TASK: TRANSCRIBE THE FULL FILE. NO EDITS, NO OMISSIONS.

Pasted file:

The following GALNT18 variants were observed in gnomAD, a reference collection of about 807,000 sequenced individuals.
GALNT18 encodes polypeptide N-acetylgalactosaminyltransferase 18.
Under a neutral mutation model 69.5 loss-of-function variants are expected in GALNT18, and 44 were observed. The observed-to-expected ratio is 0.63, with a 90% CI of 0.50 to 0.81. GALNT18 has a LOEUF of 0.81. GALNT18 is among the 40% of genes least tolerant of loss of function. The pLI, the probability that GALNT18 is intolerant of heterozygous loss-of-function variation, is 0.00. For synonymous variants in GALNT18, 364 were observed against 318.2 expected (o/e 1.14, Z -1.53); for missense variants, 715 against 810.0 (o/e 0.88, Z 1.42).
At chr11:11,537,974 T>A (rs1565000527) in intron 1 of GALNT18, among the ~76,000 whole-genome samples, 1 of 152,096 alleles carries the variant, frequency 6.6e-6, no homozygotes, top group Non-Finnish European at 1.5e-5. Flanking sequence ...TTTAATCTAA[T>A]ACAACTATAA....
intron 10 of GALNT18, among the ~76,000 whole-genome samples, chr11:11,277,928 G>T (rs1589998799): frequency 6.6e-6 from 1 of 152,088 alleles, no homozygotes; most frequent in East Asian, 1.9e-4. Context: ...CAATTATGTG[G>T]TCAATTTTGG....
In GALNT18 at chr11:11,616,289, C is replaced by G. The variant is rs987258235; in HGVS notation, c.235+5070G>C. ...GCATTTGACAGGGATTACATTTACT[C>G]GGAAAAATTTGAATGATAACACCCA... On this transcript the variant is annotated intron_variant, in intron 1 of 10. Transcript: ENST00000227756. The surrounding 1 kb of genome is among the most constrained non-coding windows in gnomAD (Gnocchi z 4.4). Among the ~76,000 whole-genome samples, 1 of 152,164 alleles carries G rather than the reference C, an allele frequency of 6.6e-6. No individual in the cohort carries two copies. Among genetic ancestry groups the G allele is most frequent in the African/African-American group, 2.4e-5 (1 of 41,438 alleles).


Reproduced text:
The following GALNT18 variants were observed in gnomAD, a reference collection of about 807,000 sequenced individuals.
GALNT18 encodes polypeptide N-acetylgalactosaminyltransferase 18.
Under a neutral mutation model 69.5 loss-of-function variants are expected in GALNT18, and 44 were observed. The observed-to-expected ratio is 0.63, with a 90% CI of 0.50 to 0.81. GALNT18 has a LOEUF of 0.81. GALNT18 is among the 40% of genes least tolerant of loss of function. The pLI, the probability that GALNT18 is intolerant of heterozygous loss-of-function variation, is 0.00. For synonymous variants in GALNT18, 364 were observed against 318.2 expected (o/e 1.14, Z -1.53); for missense variants, 715 against 810.0 (o/e 0.88, Z 1.42).
At chr11:11,537,974 T>A (rs1565000527) in intron 1 of GALNT18, among the ~76,000 whole-genome samples, 1 of 152,096 alleles carries the variant, frequency 6.6e-6, no homozygotes, top group Non-Finnish European at 1.5e-5. Flanking sequence ...TTTAATCTAA[T>A]ACAACTATAA....
intron 10 of GALNT18, among the ~76,000 whole-genome samples, chr11:11,277,928 G>T (rs1589998799): frequency 6.6e-6 from 1 of 152,088 alleles, no homozygotes; most frequent in East Asian, 1.9e-4. Context: ...CAATTATGTG[G>T]TCAATTTTGG....
In GALNT18 at chr11:11,616,289, C is replaced by G. The variant is rs987258235; in HGVS notation, c.235+5070G>C. ...GCATTTGACAGGGATTACATTTACT[C>G]GGAAAAATTTGAATGATAACACCCA... On this transcript the variant is annotated intron_variant, in intron 1 of 10. Transcript: ENST00000227756. The surrounding 1 kb of genome is among the most constrained non-coding windows in gnomAD (Gnocchi z 4.4). Among the ~76,000 whole-genome samples, 1 of 152,164 alleles carries G rather than the reference C, an allele frequency of 6.6e-6. No individual in the cohort carries two copies. Among genetic ancestry groups the G allele is most frequent in the African/African-American group, 2.4e-5 (1 of 41,438 alleles).